Controversy over sexism at Wimbledon has resurfaced after former world number one Venus Williams suggested court allocation for men and women isn't always equal.
Speaking after her second round defeat over Maria Sakkari on Court 18 - the smallest of the show courts - she said: "I don't mind where I play. It's just as long as everyone plays on the outside courts.
"It's not the ideal schedule for the women. We'd like to see equal amount of matches (on the major show courts). We don't want more, just the same amount, that's all."
BBC's Andrew Castle came under fire for commenting on the appearance of Marcus Willis's girlfriend, dentist Jennifer Bate.
He said during the Brit's loss to Roger Federer on Centre Court: "It's a pity my dentist doesn't look like that."
It was a comment that social media users made clear they did not find amusing...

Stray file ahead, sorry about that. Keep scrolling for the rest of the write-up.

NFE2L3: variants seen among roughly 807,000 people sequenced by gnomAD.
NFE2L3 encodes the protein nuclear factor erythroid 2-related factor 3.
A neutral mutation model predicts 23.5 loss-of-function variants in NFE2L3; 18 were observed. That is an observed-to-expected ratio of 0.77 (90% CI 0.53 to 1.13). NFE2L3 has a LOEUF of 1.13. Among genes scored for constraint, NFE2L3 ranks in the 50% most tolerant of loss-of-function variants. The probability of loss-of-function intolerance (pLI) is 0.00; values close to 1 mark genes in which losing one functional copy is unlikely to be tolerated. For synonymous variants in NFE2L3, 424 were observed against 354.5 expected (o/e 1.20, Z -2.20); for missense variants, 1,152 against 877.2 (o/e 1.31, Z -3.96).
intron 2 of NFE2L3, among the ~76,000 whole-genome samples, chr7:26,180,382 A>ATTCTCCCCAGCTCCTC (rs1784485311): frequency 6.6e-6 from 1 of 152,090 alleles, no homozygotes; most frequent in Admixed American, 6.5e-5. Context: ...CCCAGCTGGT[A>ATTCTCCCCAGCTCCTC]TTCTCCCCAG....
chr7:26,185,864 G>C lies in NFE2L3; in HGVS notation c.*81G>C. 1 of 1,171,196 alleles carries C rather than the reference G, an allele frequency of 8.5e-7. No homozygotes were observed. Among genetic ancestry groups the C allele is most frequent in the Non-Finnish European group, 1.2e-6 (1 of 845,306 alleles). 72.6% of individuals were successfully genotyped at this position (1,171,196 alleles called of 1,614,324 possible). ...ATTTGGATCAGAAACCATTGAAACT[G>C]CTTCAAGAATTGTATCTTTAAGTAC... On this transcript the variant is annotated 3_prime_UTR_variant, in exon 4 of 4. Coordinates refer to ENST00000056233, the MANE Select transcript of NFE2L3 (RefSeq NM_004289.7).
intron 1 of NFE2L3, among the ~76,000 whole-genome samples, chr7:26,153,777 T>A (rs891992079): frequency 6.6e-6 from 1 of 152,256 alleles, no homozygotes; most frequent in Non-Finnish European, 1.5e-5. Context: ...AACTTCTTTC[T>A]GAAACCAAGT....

-- Jen Martin (@jenheffa) June 29, 2016
Bate herself, on the other hand, did find it pretty funny...
@AndrewCastle63 It's disappointing that some mistake funny, lighthearted comments for being sexist. I find it hilarious, no offence taken!?
-- Jennifer Bate (@Jennyloubate) June 30, 2016
But this isn't the first year allegations of sexism has cropped up at Wimbledon.
In 2013, John Inverdale sparked furore - and 700 complaints - when he commented on the appearance of Marion Bartoli during Radio 5 Live commentary, saying she was "never going to be a looker".
Inverdale said that he knew that he had committed a gaffe but that his BBC training meant that he did not say sorry.
He said: "I went up (to Bartoli) to say I was sorry and her exact words to me were: 'Don't worry about that, what do you think of my heels?'"
Also, it wasn't until 2007 that the Championships offered women and men equal prize money for the first time, bringing it into line with other grand slams. Wimbledon now joins the United States and Australia in paying equal money across the board, from the champions down to the first-round losers in all events.